All sites on Jimdo, including free ones, use HTTPS (SSL). This is a valuable feature which many hosting services offer only at extra cost or not with all plans. All pages built on standard templates conform to HTML5.
The paid plans offer an assortment of extras. Some are basic to a serious business website. The Jimdo ad is removed. A custom domain is included for free, or you can transfer your own domain. The bandwidth allowance is much higher, and an unmetered option is available.
Other features make running the site easier. Email accounts are included (the number of accounts depends on the plan). Detailed statistics on site use are available. And the support staff respond more quickly to paid accounts.
Some e-commerce features are available with all plans, but a paid plan is necessary to run an online store. Start by reading up on the “Store” feature. A store item is just another element to add to a page, but it has a lot of special features. When you create one, you have to specify an item name, description, and price. Adding an image is a good idea too. Sale prices, with the regular price struck through, are supported. Jimdo recommends giving each item its own page.
Payment is through PayPal or Stripe. Only users with a business plan can get credit card processing through Stripe. An add-on is available for more payment options in Germany, Austria, and Switzerland.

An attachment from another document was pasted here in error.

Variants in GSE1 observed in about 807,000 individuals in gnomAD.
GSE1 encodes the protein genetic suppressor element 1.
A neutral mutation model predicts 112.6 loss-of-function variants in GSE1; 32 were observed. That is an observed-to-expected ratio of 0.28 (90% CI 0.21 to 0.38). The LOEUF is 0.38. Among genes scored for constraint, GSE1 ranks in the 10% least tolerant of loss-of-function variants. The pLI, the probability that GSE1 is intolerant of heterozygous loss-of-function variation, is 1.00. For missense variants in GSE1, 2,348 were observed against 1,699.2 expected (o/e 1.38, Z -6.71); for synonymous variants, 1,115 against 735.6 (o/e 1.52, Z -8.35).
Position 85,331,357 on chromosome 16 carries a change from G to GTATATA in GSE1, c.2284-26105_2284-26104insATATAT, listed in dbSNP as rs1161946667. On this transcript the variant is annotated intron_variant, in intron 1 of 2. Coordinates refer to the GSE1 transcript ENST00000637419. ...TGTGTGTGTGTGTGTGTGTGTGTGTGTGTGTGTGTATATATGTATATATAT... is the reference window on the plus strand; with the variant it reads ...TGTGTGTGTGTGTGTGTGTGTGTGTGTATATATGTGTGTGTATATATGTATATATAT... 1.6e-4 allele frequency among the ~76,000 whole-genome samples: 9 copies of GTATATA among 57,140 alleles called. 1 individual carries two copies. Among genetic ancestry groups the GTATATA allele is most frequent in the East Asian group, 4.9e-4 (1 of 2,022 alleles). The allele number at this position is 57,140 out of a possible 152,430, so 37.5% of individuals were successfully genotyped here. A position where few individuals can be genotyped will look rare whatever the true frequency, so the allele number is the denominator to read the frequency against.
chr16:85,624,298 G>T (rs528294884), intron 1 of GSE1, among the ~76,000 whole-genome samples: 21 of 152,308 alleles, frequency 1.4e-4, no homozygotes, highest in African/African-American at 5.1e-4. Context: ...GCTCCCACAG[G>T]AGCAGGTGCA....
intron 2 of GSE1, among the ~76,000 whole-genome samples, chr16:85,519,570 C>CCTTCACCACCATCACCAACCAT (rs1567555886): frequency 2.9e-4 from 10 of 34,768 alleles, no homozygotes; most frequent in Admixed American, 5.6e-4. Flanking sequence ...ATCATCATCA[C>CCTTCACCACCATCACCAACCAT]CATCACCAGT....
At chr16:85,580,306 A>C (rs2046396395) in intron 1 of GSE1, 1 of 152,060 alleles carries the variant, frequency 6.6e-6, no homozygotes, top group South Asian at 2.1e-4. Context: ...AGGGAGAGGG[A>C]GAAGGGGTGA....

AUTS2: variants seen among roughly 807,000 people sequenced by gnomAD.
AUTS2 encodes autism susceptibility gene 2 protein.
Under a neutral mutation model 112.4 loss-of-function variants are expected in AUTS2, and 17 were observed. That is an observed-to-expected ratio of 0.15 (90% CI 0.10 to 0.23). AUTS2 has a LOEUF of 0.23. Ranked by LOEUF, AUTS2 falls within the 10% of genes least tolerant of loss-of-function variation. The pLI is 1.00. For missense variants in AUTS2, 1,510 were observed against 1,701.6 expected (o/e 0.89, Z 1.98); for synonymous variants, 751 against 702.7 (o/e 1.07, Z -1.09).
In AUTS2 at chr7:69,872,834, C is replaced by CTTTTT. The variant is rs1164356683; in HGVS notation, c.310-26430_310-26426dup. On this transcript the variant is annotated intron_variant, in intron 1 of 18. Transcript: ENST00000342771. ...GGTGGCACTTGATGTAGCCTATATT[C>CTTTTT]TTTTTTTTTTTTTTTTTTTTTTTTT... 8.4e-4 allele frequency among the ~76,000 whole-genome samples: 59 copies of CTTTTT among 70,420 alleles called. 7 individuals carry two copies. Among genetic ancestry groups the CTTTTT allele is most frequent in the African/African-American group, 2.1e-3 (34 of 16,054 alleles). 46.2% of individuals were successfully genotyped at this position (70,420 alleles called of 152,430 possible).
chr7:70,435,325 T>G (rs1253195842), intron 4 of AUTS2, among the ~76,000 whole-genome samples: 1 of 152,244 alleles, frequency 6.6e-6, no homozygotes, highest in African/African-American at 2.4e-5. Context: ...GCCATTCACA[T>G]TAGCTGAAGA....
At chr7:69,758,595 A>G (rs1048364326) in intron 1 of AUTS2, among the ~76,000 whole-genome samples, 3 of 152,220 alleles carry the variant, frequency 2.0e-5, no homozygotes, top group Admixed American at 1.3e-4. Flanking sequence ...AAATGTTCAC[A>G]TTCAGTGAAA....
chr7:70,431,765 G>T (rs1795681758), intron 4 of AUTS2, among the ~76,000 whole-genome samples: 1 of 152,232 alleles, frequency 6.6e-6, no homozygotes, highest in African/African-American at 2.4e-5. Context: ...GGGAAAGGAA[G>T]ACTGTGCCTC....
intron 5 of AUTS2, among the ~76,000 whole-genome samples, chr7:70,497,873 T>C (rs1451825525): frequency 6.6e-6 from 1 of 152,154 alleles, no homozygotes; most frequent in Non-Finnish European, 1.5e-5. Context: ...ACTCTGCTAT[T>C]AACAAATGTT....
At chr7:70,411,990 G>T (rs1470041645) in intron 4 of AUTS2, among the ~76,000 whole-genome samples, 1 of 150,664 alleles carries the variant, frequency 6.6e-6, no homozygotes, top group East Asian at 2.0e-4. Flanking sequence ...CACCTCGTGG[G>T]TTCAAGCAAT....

Being found by search engines is always important. Jimdo pays attention to search engine optimization. The help pages provide instructions on making a site Google-friendly and setting up the page elements to get the best results. A “Check your site on Google” link lets you see if your site shows up in Google’s searches.
Having a blog is a convenient way to provide fresh content on a site and keep readers coming back. When you activate the Blog feature, a new page, not surprisingly called “Blog,” appears on your site. It consists of “blog teasers,” short excerpts from the posts you create. Additionally, an RSS feed of your blog is automatically created at the same time.
Blog entries are simply pages which the blog knows about. You create them from a template, like normal pages. It would be nice if Jimdo had some templates that were optimized for blog entries; the existing ones are too fancy for the typical blog. Jimdo recommends that once you get a post the way you like it, you copy it as a template for your subsequent posts.